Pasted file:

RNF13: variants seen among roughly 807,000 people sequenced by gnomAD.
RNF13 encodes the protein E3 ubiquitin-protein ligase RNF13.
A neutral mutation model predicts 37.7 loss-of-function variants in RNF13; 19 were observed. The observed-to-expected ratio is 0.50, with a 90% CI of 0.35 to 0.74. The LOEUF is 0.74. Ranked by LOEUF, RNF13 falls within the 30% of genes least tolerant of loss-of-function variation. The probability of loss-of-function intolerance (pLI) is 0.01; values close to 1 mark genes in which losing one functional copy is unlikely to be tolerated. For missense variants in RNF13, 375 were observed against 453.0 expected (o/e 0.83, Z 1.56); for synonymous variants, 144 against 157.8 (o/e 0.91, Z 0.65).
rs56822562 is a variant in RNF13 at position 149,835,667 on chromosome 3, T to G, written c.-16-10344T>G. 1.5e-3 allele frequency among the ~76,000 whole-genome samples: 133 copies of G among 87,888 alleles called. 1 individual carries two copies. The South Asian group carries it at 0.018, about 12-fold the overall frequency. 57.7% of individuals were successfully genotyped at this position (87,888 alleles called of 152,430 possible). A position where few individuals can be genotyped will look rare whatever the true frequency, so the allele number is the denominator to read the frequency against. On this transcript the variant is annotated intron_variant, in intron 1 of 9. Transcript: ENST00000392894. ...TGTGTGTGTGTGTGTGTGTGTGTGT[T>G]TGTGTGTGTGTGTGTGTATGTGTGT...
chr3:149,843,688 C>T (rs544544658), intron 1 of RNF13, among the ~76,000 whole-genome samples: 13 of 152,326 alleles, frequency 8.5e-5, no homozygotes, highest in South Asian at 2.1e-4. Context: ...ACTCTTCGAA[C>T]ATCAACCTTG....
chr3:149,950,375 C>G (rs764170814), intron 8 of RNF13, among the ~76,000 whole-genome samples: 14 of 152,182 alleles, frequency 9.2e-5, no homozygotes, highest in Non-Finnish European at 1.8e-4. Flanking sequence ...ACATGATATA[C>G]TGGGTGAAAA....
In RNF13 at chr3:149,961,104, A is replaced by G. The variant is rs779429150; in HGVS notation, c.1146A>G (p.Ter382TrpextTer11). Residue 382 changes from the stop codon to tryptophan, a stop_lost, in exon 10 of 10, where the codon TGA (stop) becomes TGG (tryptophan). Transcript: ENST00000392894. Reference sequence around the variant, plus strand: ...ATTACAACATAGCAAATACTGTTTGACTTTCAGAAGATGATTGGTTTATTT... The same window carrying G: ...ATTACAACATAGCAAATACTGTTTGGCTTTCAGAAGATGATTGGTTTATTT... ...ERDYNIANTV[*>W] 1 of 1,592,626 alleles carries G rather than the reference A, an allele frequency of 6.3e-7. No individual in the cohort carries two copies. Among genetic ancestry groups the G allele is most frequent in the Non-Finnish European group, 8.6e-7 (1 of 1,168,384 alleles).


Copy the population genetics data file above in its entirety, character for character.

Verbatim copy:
RNF13: variants seen among roughly 807,000 people sequenced by gnomAD.
RNF13 encodes the protein E3 ubiquitin-protein ligase RNF13.
A neutral mutation model predicts 37.7 loss-of-function variants in RNF13; 19 were observed. The observed-to-expected ratio is 0.50, with a 90% CI of 0.35 to 0.74. The LOEUF is 0.74. Ranked by LOEUF, RNF13 falls within the 30% of genes least tolerant of loss-of-function variation. The probability of loss-of-function intolerance (pLI) is 0.01; values close to 1 mark genes in which losing one functional copy is unlikely to be tolerated. For missense variants in RNF13, 375 were observed against 453.0 expected (o/e 0.83, Z 1.56); for synonymous variants, 144 against 157.8 (o/e 0.91, Z 0.65).
rs56822562 is a variant in RNF13 at position 149,835,667 on chromosome 3, T to G, written c.-16-10344T>G. 1.5e-3 allele frequency among the ~76,000 whole-genome samples: 133 copies of G among 87,888 alleles called. 1 individual carries two copies. The South Asian group carries it at 0.018, about 12-fold the overall frequency. 57.7% of individuals were successfully genotyped at this position (87,888 alleles called of 152,430 possible). A position where few individuals can be genotyped will look rare whatever the true frequency, so the allele number is the denominator to read the frequency against. On this transcript the variant is annotated intron_variant, in intron 1 of 9. Transcript: ENST00000392894. ...TGTGTGTGTGTGTGTGTGTGTGTGT[T>G]TGTGTGTGTGTGTGTGTATGTGTGT...
chr3:149,843,688 C>T (rs544544658), intron 1 of RNF13, among the ~76,000 whole-genome samples: 13 of 152,326 alleles, frequency 8.5e-5, no homozygotes, highest in South Asian at 2.1e-4. Context: ...ACTCTTCGAA[C>T]ATCAACCTTG....
chr3:149,950,375 C>G (rs764170814), intron 8 of RNF13, among the ~76,000 whole-genome samples: 14 of 152,182 alleles, frequency 9.2e-5, no homozygotes, highest in Non-Finnish European at 1.8e-4. Flanking sequence ...ACATGATATA[C>G]TGGGTGAAAA....
In RNF13 at chr3:149,961,104, A is replaced by G. The variant is rs779429150; in HGVS notation, c.1146A>G (p.Ter382TrpextTer11). Residue 382 changes from the stop codon to tryptophan, a stop_lost, in exon 10 of 10, where the codon TGA (stop) becomes TGG (tryptophan). Transcript: ENST00000392894. Reference sequence around the variant, plus strand: ...ATTACAACATAGCAAATACTGTTTGACTTTCAGAAGATGATTGGTTTATTT... The same window carrying G: ...ATTACAACATAGCAAATACTGTTTGGCTTTCAGAAGATGATTGGTTTATTT... ...ERDYNIANTV[*>W] 1 of 1,592,626 alleles carries G rather than the reference A, an allele frequency of 6.3e-7. No individual in the cohort carries two copies. Among genetic ancestry groups the G allele is most frequent in the Non-Finnish European group, 8.6e-7 (1 of 1,168,384 alleles).